Shout out to all the Overwatch supports - where would we be without you? 1

Shout out to all the Overwatch supports – where would we be without you?

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Why do people play healers in games? Where does that drive come from for someone to log in and want to help someone else instead of seeking glory of their own?

I’ve wondered about it ever since I started healing in Dark Age of Camelot 20 years ago. I don’t know why I did it or stuck with it, but in every game I play now, I gravitate towards that role.

And having played healers for so long, I’ve seen the good and the bad of it. I’ve been moaned at, and I’ve been killed as a matter of priority by enemy teams more times than I can count. And let’s face it, it’s not always fun – not just for those reasons, but because healing isn’t the flashy stuff games are sold on.

Fundamentally, you are there to enable other people’s heroics. It’s a bit like being a goalkeeper in football: it’s an essential role but one nobody really wants. They want to score goals.

To paint a quick picture for you: in World of Warcraft, healing in a raid meant standing in a corner and taking it in turns, in teams, to heal a tank character fighting a huge monster. Who’s more heroic in that scenario: the pack of heal-bots in one corner or the character fighting the massive dragon?

Sometimes a game’s design can even mean that if you’re fully healing focused, you can’t actually do anything without another character to fight for you. You’re useless on your own without someone to heal. Imagine that in a single-player game.

Kiriko is the new Support in Overwatch 2. She’s got a wonderful teleport ability, and she can climb walls like Hanzo and Genji. She’s also pretty deadly in her own right, with throwing knives. But she’s squishy too.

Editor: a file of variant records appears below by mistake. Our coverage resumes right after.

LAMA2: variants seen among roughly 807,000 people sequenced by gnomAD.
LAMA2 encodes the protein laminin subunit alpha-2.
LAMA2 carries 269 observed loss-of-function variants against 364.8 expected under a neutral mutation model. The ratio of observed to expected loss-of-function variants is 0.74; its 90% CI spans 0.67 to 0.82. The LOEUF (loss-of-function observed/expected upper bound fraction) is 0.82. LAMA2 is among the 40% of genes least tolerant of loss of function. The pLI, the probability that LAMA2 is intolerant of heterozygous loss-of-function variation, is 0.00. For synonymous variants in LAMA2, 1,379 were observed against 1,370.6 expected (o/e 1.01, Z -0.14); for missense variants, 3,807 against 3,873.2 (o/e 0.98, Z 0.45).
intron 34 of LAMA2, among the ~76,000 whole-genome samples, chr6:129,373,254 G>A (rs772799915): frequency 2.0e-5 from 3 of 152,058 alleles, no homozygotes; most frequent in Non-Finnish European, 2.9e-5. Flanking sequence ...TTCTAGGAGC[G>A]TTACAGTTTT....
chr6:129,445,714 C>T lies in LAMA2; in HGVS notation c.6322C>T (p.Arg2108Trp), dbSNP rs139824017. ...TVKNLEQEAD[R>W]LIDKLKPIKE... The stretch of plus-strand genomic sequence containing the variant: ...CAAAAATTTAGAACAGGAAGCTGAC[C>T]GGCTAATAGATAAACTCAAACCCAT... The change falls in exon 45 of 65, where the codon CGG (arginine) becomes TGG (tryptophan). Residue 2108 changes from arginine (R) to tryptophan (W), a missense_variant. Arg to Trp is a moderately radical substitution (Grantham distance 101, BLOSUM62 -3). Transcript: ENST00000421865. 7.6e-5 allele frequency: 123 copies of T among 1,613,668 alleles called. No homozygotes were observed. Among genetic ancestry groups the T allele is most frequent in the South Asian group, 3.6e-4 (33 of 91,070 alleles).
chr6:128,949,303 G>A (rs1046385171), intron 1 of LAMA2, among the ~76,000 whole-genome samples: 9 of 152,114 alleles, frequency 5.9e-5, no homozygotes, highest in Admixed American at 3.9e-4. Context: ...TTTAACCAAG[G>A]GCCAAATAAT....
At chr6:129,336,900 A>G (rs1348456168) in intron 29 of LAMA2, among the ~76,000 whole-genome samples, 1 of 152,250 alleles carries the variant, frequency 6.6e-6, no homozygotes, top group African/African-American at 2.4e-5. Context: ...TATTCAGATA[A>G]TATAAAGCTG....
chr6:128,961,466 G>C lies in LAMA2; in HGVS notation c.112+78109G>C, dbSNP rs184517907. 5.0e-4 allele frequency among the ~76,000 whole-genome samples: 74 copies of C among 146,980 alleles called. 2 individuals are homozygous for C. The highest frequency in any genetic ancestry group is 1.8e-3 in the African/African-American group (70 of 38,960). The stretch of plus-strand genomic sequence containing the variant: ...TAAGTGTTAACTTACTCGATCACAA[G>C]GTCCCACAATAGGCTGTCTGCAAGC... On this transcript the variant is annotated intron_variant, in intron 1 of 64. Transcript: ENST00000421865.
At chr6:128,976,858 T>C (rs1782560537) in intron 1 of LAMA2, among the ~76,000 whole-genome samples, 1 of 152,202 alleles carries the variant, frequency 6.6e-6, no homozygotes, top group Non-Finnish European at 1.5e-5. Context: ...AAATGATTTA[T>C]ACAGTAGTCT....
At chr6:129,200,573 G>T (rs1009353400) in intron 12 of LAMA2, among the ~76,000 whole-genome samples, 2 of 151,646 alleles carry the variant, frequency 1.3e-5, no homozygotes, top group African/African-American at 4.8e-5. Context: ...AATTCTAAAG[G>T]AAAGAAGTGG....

This all came flooding back playing Overwatch 2 – when I could log in. Those queues eh? Overwatch is a game with tanks and healers and damage dealers. It’s actually built from MMO parts, salvaged from Blizzard’s cancelled Titan game. And guess which roles fill up first? I even played some games where no one played Support at all – talk about selfish defiance.

However, Overwatch has the best healing characters in any game I’ve played. Having to make them viable in a fast-paced team shooter, and able to contribute and not die too quickly, led to some really interesting designs. And they’ve only improved with time, with tweaks, and with new characters. Some are pretty proficient damage dealers in their own right, and move wonderfully.


An Overwatch 2 scoreboard, listing the red and blue players according to who is contributing most.
It’s a boring scoreboard, and I’m not top of it, but see how granular the stat-tracking is, and how healing – or even damage boosting – is recorded.

Overwatch really encourages healing, too – or Support, as it calls it. Score tables value healing contributions, or mitigating damage for someone, and there’s an Endorsement system made as if to thank people especially for doing so. You can Endorse a team-mate after a match, and it’s almost always the healers being thanked first. There’s even a separate Support queue for games, which I presume will have the lowest wait time when things settle, and you’re incentivised to queue for Support with extra Battle Pass XP.

That’s all great. But these incentives are proof that the game still needs to encourage people to play Support. Evidently, there’s still more appeal in dealing a load of damage and getting Play of the Game, and then posting a replay on Reddit. And I can understand that. So it still falls on the nature of a certain type of person to fill the Support void.

Without them, where would we be? You know, even when I pick another character – I’m very fond of Mei, and I try to play as everyone at some point – I’m still hyper-aware of where the healers are, both mine and the enemy team’s. I’m still looking over my shoulder for them, even when I’m not playing them – their presence is enormous. If you ask me, they’re the most important characters on the field.

So shout out to all of you playing Support – or playing a healer in whatever other game you play. I see you doing the work other people don’t want to do, and I see your sense of responsibility. You are the people making games like these work at all. Without you, there’s no fun. So thank you. Thank you for being you. You are the real heroes.


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